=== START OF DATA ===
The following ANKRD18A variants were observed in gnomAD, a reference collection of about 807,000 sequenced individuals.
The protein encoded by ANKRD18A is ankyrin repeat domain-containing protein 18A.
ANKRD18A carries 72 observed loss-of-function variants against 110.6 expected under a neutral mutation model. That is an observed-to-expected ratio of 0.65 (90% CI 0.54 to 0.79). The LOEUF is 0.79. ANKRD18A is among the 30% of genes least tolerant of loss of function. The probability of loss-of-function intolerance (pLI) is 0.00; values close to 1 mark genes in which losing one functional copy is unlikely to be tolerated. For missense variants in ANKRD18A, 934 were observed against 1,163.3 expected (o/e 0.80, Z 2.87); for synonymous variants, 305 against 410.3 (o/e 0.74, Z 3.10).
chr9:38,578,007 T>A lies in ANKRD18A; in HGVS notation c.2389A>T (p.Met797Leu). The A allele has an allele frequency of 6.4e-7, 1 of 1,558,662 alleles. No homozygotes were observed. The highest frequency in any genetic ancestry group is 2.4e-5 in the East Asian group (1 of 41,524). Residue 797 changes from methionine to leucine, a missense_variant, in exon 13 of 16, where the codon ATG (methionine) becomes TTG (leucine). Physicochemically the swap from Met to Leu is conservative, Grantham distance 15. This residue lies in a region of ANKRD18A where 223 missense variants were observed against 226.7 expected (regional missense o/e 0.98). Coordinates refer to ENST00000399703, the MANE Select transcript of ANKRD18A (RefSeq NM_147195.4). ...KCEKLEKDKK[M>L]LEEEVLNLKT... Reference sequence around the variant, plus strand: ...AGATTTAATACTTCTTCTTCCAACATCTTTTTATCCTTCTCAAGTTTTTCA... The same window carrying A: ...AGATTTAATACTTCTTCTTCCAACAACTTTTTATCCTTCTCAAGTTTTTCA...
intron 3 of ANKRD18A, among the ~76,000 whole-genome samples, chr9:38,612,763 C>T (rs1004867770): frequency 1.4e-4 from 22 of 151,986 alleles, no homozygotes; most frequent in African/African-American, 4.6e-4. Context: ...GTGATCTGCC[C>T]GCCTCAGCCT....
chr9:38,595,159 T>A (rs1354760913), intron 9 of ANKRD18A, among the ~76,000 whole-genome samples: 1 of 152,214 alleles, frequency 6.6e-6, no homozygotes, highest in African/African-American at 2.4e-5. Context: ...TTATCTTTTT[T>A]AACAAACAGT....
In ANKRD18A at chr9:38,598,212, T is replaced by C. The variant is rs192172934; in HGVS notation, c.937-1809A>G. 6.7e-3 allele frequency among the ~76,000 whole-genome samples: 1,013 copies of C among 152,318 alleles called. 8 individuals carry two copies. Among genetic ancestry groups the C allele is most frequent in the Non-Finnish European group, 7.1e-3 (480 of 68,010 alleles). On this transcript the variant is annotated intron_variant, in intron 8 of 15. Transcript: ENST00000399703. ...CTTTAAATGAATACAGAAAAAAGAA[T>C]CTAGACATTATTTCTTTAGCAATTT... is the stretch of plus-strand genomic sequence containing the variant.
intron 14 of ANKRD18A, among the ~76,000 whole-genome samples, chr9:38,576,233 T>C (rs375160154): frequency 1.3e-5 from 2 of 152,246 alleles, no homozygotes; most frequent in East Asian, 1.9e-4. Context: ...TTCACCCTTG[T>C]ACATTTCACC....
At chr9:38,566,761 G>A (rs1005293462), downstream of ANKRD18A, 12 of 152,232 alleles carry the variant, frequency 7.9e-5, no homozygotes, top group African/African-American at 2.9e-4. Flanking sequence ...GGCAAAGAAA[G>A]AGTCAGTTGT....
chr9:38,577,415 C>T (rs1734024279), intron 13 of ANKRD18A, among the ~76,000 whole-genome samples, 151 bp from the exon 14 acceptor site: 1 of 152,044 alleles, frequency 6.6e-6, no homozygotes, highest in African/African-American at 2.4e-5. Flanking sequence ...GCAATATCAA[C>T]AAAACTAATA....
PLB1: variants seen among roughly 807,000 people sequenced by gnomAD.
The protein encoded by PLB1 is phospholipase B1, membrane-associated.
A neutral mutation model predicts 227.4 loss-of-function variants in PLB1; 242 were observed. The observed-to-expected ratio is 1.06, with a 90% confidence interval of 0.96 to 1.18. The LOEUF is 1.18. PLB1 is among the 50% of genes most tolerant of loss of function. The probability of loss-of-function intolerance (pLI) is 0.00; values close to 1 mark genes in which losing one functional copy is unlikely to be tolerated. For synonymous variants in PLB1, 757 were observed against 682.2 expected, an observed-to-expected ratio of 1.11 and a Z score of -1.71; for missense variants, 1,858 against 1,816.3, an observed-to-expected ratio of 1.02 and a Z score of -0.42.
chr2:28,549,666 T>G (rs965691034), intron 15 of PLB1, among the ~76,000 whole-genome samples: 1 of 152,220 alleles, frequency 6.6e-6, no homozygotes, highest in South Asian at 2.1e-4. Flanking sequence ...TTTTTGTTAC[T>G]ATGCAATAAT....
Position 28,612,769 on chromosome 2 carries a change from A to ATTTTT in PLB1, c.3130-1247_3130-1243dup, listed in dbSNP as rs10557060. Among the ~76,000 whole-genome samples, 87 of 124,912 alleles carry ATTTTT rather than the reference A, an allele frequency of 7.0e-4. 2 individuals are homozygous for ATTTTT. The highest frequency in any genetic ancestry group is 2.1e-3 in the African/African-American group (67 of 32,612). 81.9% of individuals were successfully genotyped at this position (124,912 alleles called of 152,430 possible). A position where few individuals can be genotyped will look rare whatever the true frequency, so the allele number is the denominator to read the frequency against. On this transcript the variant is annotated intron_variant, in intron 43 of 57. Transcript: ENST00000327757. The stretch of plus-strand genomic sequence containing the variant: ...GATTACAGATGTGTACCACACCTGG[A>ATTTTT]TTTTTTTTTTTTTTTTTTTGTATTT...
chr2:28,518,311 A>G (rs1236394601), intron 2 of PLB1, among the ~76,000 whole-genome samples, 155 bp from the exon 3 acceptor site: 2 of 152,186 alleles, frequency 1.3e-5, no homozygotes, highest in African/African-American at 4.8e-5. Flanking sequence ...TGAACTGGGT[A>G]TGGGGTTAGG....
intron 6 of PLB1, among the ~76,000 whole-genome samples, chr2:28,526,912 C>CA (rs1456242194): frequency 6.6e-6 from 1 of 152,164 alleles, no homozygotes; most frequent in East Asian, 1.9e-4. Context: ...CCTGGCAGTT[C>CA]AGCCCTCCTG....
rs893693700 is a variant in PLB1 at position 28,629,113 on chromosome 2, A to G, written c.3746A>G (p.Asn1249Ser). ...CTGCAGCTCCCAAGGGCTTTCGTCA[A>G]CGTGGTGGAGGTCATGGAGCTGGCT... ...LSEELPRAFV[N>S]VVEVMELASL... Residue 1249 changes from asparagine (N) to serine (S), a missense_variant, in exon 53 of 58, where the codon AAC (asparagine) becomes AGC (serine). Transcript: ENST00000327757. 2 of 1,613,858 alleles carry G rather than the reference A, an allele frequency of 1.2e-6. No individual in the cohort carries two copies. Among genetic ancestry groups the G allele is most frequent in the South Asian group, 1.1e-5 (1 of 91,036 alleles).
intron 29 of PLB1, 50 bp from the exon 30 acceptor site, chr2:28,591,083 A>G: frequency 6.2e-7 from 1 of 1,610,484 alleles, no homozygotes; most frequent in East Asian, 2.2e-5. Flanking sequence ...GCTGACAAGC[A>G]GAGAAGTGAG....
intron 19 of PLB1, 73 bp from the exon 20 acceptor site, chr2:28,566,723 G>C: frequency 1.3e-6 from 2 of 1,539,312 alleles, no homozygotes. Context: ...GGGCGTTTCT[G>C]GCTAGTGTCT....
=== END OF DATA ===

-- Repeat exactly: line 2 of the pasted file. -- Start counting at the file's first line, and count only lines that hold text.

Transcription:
The protein encoded by ANKRD18A is ankyrin repeat domain-containing protein 18A.